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Monday, June 29, 2015

James Dewey Watson

                My oldest son probably knew about My Very Important Peron (VIP) for this week is James Dewey Watson years ago.  My son majored in molecular biology, and Watson is a molecular biologist, geneticist and zoologist.  He is best known for being co-discoverer structure of DNA in 1953 with Francis Crick.  Watson and Crick, along with Maurice Wilkins, received the Nobel Prize in Physiology or Medicine in 1962.  Their award was “for their discoveries concerning the molecular structure of nucleic acids and its significance for information transfer in living material.”

                Watson was born on April 6, 1928, in Chicago, Illinois; he is the only son of Jean (Mitchell) and James D. Watson, a businessman whose ancestors were colonial English immigrants to America.  His maternal grandfather was Lauchlin Mitchell who was a tailor from Glasgow, Scotland; his maternal grandmother was Lizzie Gleason whose Irish parents were from Tipperary.  He was raised Catholic who escaped from the religion because his father did not believe in God.

                Growing up on the south side of Chicago, Watson “attended public schools, including Grammar School and South Shore High School.”  Watson and his father were fascinated with watching birds and often shared this hobby; Watson even considered majoring in ornithology.  Watson enrolled at the University of Chicago on a tuition scholarship when he was only 15 years old.  Robert Hutchins, the University president, apparently heard Watson answer questions on “Quiz Kids, a popular radio show that challenged bright youngsters.”

                Watson “changed his professional ambitions from the study of ornithology to genetics” after reading Erwin Schrodinger’s What Is Life?  “In his autobiography, Avoid Boring People, Watson described the University of Chicago as an idyllic academic institution where he was instilled with the capacity for critical thought and an ethical compulsion not to suffer fools who impeded his search for truth, in contrast to his description of later experiences.  In 1947 Watson left the University of Chicago to become a graduate student at Indiana University, attracted by the presence at Bloomington of the 1946 Nobel Prize winner Hermann Joseph Muller, who in crucial papers published in 1922, 1929, and in the 1930s had laid out all the basic properties of the heredity molecule that Schrodinger presented in his 1944 book.  He received his PhD degree from Indiana University in 1950; Salvador Luria was his doctoral advisor.”

                Early in 1948, Watson began his PhD at Indiana University and did research in the laboratory of Salvador Luria, another Nobel Prize winner.  In September 1950 began a year of postdoctoral research at Copenhagen University.  He first worked with biochemist Herman Kallckar and later worked with microbial physiologist Ole Maaloe.  Watson’s intention was “to determine whether protein or DNA was the genetic material.”  He attended a meeting in Italy where Maurice Wilkins spoke about “his X-ray diffraction data for DNA.”  Following the presentation, Watson was “certain that DNA had a definite molecular structure that could be elucidated.”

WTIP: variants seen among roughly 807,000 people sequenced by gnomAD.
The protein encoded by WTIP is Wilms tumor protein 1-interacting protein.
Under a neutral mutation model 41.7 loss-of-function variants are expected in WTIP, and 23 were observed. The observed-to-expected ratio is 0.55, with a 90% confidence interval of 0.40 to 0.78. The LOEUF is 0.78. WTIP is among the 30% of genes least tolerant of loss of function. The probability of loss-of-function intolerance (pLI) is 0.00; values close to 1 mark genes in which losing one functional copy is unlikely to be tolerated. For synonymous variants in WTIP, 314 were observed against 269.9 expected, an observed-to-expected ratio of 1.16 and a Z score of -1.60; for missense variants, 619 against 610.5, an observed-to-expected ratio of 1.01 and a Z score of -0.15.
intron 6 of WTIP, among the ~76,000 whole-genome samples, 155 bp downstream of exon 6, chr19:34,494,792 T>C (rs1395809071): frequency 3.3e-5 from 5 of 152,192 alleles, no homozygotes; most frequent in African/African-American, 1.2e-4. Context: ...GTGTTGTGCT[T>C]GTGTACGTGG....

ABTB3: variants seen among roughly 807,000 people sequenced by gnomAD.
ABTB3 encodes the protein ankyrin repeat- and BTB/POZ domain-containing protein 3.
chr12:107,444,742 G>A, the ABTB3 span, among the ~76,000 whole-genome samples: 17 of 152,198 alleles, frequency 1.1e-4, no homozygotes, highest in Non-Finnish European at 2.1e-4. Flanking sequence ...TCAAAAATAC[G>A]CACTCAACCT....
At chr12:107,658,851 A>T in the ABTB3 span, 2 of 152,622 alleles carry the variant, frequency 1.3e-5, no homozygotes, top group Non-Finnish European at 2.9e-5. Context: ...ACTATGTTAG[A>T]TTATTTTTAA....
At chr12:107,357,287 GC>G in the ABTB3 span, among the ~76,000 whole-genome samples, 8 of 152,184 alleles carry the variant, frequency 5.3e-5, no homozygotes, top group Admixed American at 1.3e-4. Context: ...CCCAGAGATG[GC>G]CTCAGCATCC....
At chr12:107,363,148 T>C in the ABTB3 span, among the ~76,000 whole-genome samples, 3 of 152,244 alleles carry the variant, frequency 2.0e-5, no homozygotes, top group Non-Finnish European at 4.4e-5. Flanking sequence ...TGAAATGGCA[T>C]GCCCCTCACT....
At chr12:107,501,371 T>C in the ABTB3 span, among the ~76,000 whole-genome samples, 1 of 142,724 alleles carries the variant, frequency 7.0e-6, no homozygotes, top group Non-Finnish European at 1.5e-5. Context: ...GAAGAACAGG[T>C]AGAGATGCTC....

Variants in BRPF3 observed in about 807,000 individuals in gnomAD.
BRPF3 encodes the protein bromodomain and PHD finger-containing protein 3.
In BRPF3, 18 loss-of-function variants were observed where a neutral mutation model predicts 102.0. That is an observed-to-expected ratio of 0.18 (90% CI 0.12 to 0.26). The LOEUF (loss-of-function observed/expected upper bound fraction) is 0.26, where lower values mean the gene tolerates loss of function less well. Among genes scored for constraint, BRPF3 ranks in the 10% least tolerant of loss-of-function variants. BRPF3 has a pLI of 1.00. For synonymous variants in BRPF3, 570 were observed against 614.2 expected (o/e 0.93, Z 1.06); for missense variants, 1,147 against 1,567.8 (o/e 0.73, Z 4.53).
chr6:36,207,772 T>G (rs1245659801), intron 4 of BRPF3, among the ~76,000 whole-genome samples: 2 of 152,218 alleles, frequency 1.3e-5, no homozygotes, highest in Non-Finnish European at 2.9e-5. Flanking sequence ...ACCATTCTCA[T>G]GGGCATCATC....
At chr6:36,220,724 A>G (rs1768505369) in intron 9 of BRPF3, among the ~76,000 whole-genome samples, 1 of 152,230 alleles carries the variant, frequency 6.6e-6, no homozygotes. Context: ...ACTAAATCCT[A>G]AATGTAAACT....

After chemist Linus Pauling in California published his model of the amino acid alpha helix in 1951 and Watson did further research, Watson wanted to “learn to perform X-ray diffraction experiments so he could work to determine the structure of DNA.”  He went to England in 1951 to do “a new postdoctoral research project.”

                In mid-March 1953 Maurice Wilkins, Watson and Crick used their own experimental data as well as much collected by Rosalind Franklin and “deduced the double helix structure of DNA.  Sir Lawrence Bragg, the director of the Cavendish Laboratory (where Watson and Crick worked), made the original announcement of the discovery at a Solvay conference on proteins in Belgium on April 8, 1953; it went unreported by the press.  Watson and Crick submitted a paper to the scientific journal Nature, which was published on April 25, 1953.  This has been described by some other biologists and Nobel laureates as the most important scientific discovery of the 20th century.  Bragg gave a talk at the Guy’s Hospital Medical School in London on Thursday, May 14, 1953, which resulted in a May 15, 1953, article by Ritchie Calder in the London newspaper News Chronicle, entitled `Why You Are You.  Nearer Secret of Life.’”

                In 1962 Watson, Crick, and Wilkins received the Nobel Prize in Physiology or Medicine for their research on the structure of nucleic acids.  Rosalind Franklin was not eligible for nomination because she died in 1958.  “The publication of the double helix structure of DNA can be regarded as a turning point in science:  human understanding of life was fundamentally changed and the modern era of biology began.”

                In 1968 Watson married Elizabeth Lewis, and the couple became parents of two sons, Rufus Robert Watson (born 1970) and Duncan James Watson (born 1972).  Rufus suffers from schizophrenia, and Watson desires “to encourage progress in understanding and treatment of mental illness by determining how genetics contributes to it.”  Watson is an atheist and signed the Humanist Manifesto in 2003, along with 21 other Nobel Laureates.

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